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Ann Emerg Med. 2019 Jun;73(6):665-670. doi: 10.1016/j.annemergmed.2018.11.012. Epub 2019 Jan 18.

Minor Blunt Thoracic Trauma in the Emergency Department: Sensitivity and Specificity of Chest Ultralow-Dose Computed Tomography Compared With Conventional Radiography.

Author information

1
Department of Emergency and Trauma Radiology, Vancouver General Hospital, University of British Columbia, Vancouver, British Columbia, Canada; Department of Radiology, Medical Imaging Group Nîmes, Centre Hospitalier Universitaire de Nîmes, University of Montpellier-Nîmes, Nîmes, France. Electronic address: francesco.macri@yahoo.it.
2
Department of Radiology, Medical Imaging Group Nîmes, Centre Hospitalier Universitaire de Nîmes, University of Montpellier-Nîmes, Nîmes, France.
3
Department of Emergency and Trauma Radiology, Vancouver General Hospital, University of British Columbia, Vancouver, British Columbia, Canada; Department of Radiology, Medical Imaging Group Nîmes, Centre Hospitalier Universitaire de Nîmes, University of Montpellier-Nîmes, Nîmes, France.
4
Department of Emergency Care and Traumatology, Centre Hospitalier Universitaire de Nîmes, University of Montpellier-Nîmes, Nîmes, France.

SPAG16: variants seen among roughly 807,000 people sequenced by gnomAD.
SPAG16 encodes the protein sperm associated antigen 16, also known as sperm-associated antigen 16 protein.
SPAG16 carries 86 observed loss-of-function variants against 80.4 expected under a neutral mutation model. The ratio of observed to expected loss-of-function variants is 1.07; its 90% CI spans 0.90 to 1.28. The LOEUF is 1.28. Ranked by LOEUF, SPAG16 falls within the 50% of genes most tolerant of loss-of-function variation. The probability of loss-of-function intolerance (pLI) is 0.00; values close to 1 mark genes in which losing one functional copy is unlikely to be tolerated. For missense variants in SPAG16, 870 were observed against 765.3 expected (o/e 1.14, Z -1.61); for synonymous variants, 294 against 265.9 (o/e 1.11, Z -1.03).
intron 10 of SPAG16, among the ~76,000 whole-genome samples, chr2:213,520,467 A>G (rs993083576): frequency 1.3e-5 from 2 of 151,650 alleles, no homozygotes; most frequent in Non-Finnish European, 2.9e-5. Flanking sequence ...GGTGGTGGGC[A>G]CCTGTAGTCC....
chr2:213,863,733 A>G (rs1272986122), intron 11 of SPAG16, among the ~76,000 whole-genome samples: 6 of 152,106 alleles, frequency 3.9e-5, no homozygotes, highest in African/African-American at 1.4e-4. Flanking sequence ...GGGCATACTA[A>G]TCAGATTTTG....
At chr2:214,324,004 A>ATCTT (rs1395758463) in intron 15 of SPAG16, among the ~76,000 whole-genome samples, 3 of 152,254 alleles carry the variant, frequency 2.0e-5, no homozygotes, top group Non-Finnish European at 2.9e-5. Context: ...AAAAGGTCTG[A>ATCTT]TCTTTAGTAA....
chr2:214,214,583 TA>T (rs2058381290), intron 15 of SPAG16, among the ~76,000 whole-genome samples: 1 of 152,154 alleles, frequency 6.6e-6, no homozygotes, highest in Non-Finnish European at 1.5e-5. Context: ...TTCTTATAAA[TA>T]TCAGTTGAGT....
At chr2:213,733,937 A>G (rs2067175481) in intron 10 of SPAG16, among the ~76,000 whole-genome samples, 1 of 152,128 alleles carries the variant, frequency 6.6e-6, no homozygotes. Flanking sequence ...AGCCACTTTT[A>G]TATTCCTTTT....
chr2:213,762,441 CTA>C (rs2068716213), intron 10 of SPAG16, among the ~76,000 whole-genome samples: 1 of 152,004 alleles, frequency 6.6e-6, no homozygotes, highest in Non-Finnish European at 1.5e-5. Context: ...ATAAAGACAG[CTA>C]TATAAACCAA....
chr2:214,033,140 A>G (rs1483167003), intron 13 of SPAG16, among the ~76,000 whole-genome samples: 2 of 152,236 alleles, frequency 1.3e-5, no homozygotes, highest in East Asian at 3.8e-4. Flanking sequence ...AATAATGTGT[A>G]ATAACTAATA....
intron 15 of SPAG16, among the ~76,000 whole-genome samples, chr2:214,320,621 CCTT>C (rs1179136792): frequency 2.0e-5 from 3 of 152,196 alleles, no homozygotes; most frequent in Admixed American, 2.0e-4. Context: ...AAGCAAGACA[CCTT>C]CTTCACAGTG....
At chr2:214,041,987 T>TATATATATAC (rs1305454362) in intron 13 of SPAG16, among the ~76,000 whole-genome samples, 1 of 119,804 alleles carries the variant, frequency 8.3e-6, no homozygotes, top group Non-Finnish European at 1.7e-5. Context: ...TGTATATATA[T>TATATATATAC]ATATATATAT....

5
Department of Biostatistics, Public Health, Epidemiology and Innovation in Methodology (BESPIM), Centre Hospitalier Universitaire de Nîmes, University of Montpellier-Nîmes, Nîmes, France.

Abstract

STUDY OBJECTIVE:

To evaluate the diagnostic performance of chest ultralow-dose computed tomography (CT) compared with chest radiograph for minor blunt thoracic trauma.

METHODS:

One hundred sixty patients with minor blunt thoracic trauma were evaluated first by chest radiograph and subsequently with a double-acquisition nonenhanced chest CT protocol: reference CT and ultralow-dose CT with iterative reconstruction. Two study radiologists independently assessed injuries with a structured report and subjective image quality and calculated certainty of diagnostic confidence level.

RESULTS:

Ultralow-dose CT had a sensitivity and specificity of 100% compared with reference CT in the detection of injuries (187 lesions) in 104 patients. Chest radiograph detected abnormalities in 82 patients (79% of the population), with lower sensitivity and specificity compared with ultralow-dose CT (P<.05). Despite an only fair interobserver agreement for ultralow-dose CT image quality (κ=0.26), the diagnostic confidence level was certain for 95.6% of patients (chest radiograph=79.3%). Ultralow-dose CT effective dose (0.203 mSv [SD 0.029 mSv]) was similar (P=.14) to that of chest radiograph (0.175 mSv [SD 0.155 mSv]) and significantly less (P<.001) than that of reference CT (1.193 mSv [SD 0.459 mSv]).

CONCLUSION:

Ultralow-dose CT with iterative reconstruction conveyed a radiation dose similar to that of chest radiograph and was more reliable than a radiographic study for minor blunt thoracic trauma assessment. Radiologists, regardless of experience with ultralow-dose CT, were more confident with chest ultralow-dose CT than chest radiograph.

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